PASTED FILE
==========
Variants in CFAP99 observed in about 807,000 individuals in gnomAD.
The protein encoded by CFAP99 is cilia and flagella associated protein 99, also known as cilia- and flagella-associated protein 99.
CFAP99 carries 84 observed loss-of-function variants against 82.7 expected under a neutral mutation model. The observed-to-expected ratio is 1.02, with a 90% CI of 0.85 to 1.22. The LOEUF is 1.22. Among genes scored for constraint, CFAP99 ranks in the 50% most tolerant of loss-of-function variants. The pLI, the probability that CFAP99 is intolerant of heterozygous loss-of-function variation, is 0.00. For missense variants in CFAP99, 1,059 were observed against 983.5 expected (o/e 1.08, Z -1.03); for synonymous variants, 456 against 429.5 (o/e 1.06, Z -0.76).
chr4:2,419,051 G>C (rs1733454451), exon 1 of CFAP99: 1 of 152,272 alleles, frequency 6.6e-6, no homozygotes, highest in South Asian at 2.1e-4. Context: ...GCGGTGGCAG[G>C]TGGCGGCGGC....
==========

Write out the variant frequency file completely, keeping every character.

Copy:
Variants in CFAP99 observed in about 807,000 individuals in gnomAD.
The protein encoded by CFAP99 is cilia and flagella associated protein 99, also known as cilia- and flagella-associated protein 99.
CFAP99 carries 84 observed loss-of-function variants against 82.7 expected under a neutral mutation model. The observed-to-expected ratio is 1.02, with a 90% CI of 0.85 to 1.22. The LOEUF is 1.22. Among genes scored for constraint, CFAP99 ranks in the 50% most tolerant of loss-of-function variants. The pLI, the probability that CFAP99 is intolerant of heterozygous loss-of-function variation, is 0.00. For missense variants in CFAP99, 1,059 were observed against 983.5 expected (o/e 1.08, Z -1.03); for synonymous variants, 456 against 429.5 (o/e 1.06, Z -0.76).
chr4:2,419,051 G>C (rs1733454451), exon 1 of CFAP99: 1 of 152,272 alleles, frequency 6.6e-6, no homozygotes, highest in South Asian at 2.1e-4. Context: ...GCGGTGGCAG[G>C]TGGCGGCGGC....